Engage Conference 2018 Round-Up

My colleague, Julia Nelson, and I had the privilege of attending the Engage Conference 2018 in Portland last week. Engage Conference is a one-day digital marketing and SEM conference that provides insight into the latest digital marketing strategies.

The most noticeable thing about Engage 2018 was that there were so few mentions of Amazon’s burgeoning advertising platform. One speaker noted last year that Amazon sold $1.6 billion in ads compared to Facebook and Google’s $30-some billion and $80 billion respectively. THAT WILL CHANGE—more brands will look at the different channels’ ROIs and realize the potential of the Amazon ad platform. In any event, there were still a variety of educational, non-Amazon morsels to take away.

The opening keynote speaker may have been the best: Microsoft/Bing’s Purna Virji shared a humorous history of search tech, complete with 1990’s video of wide-eyed actors wearing ill-fitting blazers talking to smart wastebaskets.

Virji dedicated a good chunk of time to talk about innovations in image search—meaning use of an image as a search term for when “you can’t think of the word.” She also said images are the most important factor in making the decision to purchase. Voice will soon make up the majority of all search, and within a few years, the average person will speak more to a robot AI than to their spouse (tough to compete with Alexa’s infinite willingness to listen).

Kane Jamison of Content Harmony spoke to the crowd about the scale and state of marketing content on the internet these days. There’s little question that content is being dumped on the web at an unprecedented rate, but sharing of that content is rapidly decreasing (down 50% since 2015; Facebook being the biggest source of shares).

“The economic value of simply publishing content is zero—unless it’s shared,” said Jamison. The big question is whether the content is becoming increasingly unworthy of being shared, or whether people are just getting sick of all this sharing. In the meantime, let’s control what we can control—and when it comes to selling products online, that means keeping your product detail page content top-notch so that any SEO/SEM efforts driving eyeballs there will be optimally capitalized upon.

About infographics and other visuals, Matt Siltala of Avalaunch Media explained that many marketers slip up by sacrificing quality for quantity, and also by getting overly cute and/or loud. He shared some very polished videos with no voice-over at all, comprised just of imagery, animations, and some light text. Certainly, this style of the video has a lot of appeal in our modern, over-noisy world. Siltala also promoted the repurposing of infographics in a variety of ways, e.g. snipping a banner for a blog or landing page, posting on social, sticking in white papers, etc.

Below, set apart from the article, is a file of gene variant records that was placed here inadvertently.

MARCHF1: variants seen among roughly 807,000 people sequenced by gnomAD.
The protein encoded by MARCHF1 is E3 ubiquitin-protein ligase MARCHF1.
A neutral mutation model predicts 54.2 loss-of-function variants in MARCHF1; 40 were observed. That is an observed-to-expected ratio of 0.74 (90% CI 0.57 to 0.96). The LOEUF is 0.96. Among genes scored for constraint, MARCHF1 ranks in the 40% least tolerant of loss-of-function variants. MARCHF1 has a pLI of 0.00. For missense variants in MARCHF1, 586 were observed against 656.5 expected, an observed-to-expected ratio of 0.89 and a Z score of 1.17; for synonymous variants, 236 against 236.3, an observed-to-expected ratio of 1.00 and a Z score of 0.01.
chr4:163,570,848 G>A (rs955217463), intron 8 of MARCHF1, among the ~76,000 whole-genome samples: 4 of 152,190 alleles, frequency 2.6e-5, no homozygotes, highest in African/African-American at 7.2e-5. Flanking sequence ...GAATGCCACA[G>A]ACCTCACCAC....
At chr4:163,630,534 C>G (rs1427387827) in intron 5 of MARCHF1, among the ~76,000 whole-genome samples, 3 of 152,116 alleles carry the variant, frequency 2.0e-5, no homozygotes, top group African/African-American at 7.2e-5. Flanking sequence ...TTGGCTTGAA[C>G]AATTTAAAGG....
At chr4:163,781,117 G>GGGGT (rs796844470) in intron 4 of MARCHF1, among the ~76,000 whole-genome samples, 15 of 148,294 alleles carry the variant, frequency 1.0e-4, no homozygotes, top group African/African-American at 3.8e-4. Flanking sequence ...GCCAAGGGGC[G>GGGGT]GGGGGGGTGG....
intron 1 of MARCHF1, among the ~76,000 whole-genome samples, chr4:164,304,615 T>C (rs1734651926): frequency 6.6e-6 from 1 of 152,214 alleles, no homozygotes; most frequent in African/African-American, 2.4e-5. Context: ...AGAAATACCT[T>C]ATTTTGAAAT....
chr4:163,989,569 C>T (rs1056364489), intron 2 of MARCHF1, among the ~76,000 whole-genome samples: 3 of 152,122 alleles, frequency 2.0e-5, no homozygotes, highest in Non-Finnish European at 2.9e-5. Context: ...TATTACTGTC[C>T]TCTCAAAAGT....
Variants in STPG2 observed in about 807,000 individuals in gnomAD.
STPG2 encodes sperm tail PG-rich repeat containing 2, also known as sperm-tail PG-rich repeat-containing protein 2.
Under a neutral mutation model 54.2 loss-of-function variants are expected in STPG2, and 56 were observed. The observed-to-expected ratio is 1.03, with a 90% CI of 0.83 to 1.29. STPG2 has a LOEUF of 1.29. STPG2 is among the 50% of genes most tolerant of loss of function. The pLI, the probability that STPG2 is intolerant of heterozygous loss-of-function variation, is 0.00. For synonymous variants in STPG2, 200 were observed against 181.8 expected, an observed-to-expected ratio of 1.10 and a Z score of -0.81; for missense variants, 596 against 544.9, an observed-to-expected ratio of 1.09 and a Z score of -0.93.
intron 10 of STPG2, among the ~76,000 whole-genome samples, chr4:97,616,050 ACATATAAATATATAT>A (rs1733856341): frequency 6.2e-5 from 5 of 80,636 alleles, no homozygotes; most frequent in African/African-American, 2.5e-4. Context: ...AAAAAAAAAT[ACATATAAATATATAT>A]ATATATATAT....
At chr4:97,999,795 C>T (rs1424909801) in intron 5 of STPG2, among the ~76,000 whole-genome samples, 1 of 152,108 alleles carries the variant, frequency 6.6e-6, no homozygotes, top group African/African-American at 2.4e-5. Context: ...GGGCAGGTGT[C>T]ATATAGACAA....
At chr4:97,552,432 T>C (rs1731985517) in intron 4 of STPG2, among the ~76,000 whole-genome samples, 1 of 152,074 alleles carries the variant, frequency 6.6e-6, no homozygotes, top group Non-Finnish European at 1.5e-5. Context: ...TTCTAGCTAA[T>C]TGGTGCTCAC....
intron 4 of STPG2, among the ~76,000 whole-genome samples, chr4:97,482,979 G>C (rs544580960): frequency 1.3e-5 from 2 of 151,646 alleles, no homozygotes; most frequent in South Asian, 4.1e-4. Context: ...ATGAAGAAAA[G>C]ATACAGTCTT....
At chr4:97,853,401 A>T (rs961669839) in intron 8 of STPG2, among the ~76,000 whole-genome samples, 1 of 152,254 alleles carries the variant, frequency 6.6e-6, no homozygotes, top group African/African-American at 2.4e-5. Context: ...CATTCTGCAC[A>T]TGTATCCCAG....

Marty Weintraub of Aimclear and Will Scott of Search Influence both shared a bunch of fun facts, opinions, and theories about Facebook marketing. Weintraub called it “the definitive research tool of humankind.”

“Psychographic targeting,” as these gentlemen called it, is the act of analyzing and sorting demographics by every personal detail found on Facebook—so basically everything—including age, sex, interests, behavior, job title, income, device used, life events (retirement, marriage, vacations) and so on. The prices of Facebook ads are also rapidly dropping, though that may well have something to do with their relative lack of performance.

The sleeper hit presentation of the conference was Michelle Morgan of Clix Media enlightening the group about negative targeting and audience shaping for Google and Bing. Morgan gave a detailed, comprehensive rundown of how to logically and incrementally tag, monitor, and cull members of your audience.

All in all, the Engage Conference was an upbeat and worthwhile event. I’ll bet next year we’ll see a lot more attention being paid to Amazon Advertising—once it becomes common knowledge that Amazon is an in-marketplace ad platform with an impressive ROI.

Editor’s Note: On September 5, 2018, Amazon rebranded its advertising platform. Amazon Marketing Services changed to Amazon Advertising and Amazon Advertising Platform changed to Amazon DSP, among other changes. This blog post was changed on October 5, 2018 to reflect those changes.